Wednesday, June 25, 2014

Tackling Toxics: Flame Retardants

Are they worth the risks?

By Erika Bronson, communications, Reducing Toxic Threats

Flame retardants are one class of chemicals the Department of Ecology is tracking. Many of these chemicals are toxic, and some are also persistent, bioaccumulative toxics (PBTs) because they gradually increase and remain in the environment and our bodies over time.

Evidence is mounting that shows flame-retarding chemicals don’t effectively slow fires and that fire fighters can have negative health effects from inhaling their fumes while battling blazes. (See The Chicago Tribune series “Playing with Fire” for more information.)
Foam furniture and stuffed toys are often
treated with flame retardants.

PDBEs are everywhere

Polybrominated diphenyl ethers (PBDEs) are one type of chemical flame retardant that manufacturers have added to a variety of consumer products for over 30 years to slow combustion. Studies show that PBDEs, which are persistent and bioaccumulative, can impact reproductive health, the immune system, and development in mammals. They are escaping from consumer products and building up in people and the environment throughout the world. PBDEs have been found in human breast milk, blood and fat; house dust and indoor air; fish; wildlife; birds; beef; dairy products and sediments.

Three PBDE mixtures were widely used for different purposes. Penta-BDE was used in low-density polyurethane foam in products such as furniture. Octa-BDE was used in electronics, such as housings for fax and answering machines, automobile trim, telephone handsets, and kitchen-appliance casings. Deca-BDE was used primarily in electronic enclosures, particularly in computers and televisions.

Prevention is the cure

In 2007, Washington banned the use of penta- and octa-BDE in products sold in the state. The use of deca-BDE was also banned in mattresses at that time, and that ban was extended to televisions, computers, and residential upholstered furniture after Ecology found safer alternatives.

We also track the use of 66 chemicals of high concern to children (CHCC), including six flame retardants. Manufacturers report their use of CHCCs if they are present in children’s products under the Children’s Safe Product Act (CSPA).

Testing products for flame retardants
Cutting up a product for component analysis.

Over the last year, Ecology tested 125 consumer and children’s products for PBDEs to ensure manufacturers and retailers are complying with the ban and reporting under CSPA. Products tested include seat cushions, mattresses, upholstered furniture for children, electronics, clothing, and baby carriers.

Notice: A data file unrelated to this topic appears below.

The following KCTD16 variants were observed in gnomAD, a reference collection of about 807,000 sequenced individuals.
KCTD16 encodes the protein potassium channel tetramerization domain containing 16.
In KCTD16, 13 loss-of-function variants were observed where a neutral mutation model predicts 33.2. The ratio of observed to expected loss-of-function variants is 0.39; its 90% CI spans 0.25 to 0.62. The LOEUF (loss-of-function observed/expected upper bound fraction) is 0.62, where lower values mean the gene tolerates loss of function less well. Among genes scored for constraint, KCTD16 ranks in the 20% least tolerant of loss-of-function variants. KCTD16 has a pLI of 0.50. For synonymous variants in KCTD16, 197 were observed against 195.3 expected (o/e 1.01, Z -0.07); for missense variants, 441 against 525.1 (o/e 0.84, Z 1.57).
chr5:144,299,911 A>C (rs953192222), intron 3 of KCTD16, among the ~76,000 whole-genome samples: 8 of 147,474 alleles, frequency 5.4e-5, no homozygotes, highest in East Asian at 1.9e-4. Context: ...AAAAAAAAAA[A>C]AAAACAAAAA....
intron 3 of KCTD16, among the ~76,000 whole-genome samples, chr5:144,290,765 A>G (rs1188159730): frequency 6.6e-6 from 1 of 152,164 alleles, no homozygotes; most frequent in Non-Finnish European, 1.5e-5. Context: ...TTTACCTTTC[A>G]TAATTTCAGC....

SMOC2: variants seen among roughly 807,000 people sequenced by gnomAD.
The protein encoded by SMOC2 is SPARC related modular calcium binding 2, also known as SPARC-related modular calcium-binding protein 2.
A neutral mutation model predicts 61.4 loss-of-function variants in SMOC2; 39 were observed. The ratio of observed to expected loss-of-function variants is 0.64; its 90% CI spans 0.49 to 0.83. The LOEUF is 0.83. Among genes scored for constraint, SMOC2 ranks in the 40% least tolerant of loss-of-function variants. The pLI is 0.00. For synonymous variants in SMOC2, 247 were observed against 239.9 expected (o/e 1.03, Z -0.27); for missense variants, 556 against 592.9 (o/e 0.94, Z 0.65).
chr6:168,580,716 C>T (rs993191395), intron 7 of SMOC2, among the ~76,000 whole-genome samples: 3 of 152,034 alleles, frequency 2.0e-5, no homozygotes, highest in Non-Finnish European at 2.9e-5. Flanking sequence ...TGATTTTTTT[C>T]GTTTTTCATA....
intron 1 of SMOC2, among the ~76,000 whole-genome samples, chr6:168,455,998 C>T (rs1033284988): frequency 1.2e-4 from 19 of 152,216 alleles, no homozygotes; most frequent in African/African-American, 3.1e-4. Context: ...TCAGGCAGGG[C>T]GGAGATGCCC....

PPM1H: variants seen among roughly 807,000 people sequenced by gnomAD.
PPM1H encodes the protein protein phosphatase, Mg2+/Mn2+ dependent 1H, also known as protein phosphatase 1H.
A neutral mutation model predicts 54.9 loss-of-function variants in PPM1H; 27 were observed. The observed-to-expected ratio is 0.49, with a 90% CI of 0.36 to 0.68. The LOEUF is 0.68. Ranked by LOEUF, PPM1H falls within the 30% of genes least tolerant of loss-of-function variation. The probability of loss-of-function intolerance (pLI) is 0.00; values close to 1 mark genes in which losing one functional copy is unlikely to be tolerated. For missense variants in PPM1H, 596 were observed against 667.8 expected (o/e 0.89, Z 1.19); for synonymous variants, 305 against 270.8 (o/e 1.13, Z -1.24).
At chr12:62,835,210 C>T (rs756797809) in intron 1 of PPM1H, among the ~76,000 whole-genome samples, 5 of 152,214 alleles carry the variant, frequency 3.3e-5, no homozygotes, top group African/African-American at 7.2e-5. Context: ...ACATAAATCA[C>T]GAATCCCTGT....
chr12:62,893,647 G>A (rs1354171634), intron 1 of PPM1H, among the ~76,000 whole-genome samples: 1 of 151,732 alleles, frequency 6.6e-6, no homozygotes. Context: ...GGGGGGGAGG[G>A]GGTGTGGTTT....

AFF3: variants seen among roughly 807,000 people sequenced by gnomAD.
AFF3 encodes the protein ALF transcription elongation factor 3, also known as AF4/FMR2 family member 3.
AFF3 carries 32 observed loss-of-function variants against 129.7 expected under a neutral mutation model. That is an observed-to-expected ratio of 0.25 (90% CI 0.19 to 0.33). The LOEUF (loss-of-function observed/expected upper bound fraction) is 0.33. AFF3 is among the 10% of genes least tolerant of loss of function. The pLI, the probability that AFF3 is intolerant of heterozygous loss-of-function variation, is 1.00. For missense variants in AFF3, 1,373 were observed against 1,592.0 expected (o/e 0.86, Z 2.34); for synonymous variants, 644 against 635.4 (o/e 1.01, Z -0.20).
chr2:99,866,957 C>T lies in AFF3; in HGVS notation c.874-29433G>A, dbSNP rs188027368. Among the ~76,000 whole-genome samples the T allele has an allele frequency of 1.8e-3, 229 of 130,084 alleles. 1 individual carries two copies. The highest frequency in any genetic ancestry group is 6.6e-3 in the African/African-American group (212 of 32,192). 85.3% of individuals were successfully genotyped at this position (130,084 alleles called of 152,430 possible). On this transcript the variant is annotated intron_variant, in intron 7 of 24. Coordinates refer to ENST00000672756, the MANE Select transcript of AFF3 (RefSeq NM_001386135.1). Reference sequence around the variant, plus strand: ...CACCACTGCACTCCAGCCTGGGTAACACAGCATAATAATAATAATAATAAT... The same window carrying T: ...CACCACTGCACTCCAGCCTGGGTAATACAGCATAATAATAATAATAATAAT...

Finding these chemicals is like being a detective. Unfortunately, analyzing samples to isolate specific substances is not as quick and easy as it may appear on slick crime-scene-investigation TV shows. To select products for testing, Ecology staff purchased items that were likely treated with flame retardant chemicals. Products were then scanned for indicators of flame retardants using x-ray fluorescence. If the scan results were positive, the product was then broken into separate components, such as fabric, stuffing, foam, metal and plastic, and sent to a lab for analysis.

So what did we find?

An unfortunate side effect: Regrettable substitutions

The good news is we didn’t find PBDE violations in any of products we tested.

The bad news is some of the replacement flame retardants we detected are still toxic but not yet regulated. And just as concerning are the indications that substituted chemicals may be toxic, but due to the proprietary nature of the chemical formula, we can’t identify or quantify them. This is why we cannot stop at banning toxics but must also find ways to assure that manufacturers move toward safer alternatives.

The lab could not identify the brominated compounds in 54 samples that screened positive for bromine using x-ray fluorescence. This suggests more brominated compounds than what we tested for are in use, which is a problem because we may not have information about health effects.

Ecology also found that eight samples from children’s products contained flame retardants above the CSPA reporting limit. We have notified manufacturers and are working to ensure compliance.

Future work on flame retardants

These results show progress and a willingness among the manufacturing community to follow laws. However, the use of regrettable substitutions shows we still have work to do.

Fortunately, the Washington State Legislature agrees and has provided further funding for Ecology’s work on flame retardants and safer alternatives. They’ve requested a report by December 2014 recommending whether other flame retardants should be banned in children’s products and furniture.

Manufacturers and others interested in learning more about alternatives assessments for finding safer chemicals are invited to register for a workshop on July 9.

Stay safe & get involved

The Washington State Department of Health has additional information about how we are exposed to PBDEs and how to reduce exposure. In addition, the Northwest Pediatric Environmental Health Specialty Unit at the University of Washington has produced a factsheet on PBDEs for pediatric health professionals.

These product-testing campaigns are just one piece of a much larger toxics puzzle. You can stay informed about all our work to reduce toxic threats by:

If you have questions or would like more information, please contact Andrew Wineke at (360) 407-6149.

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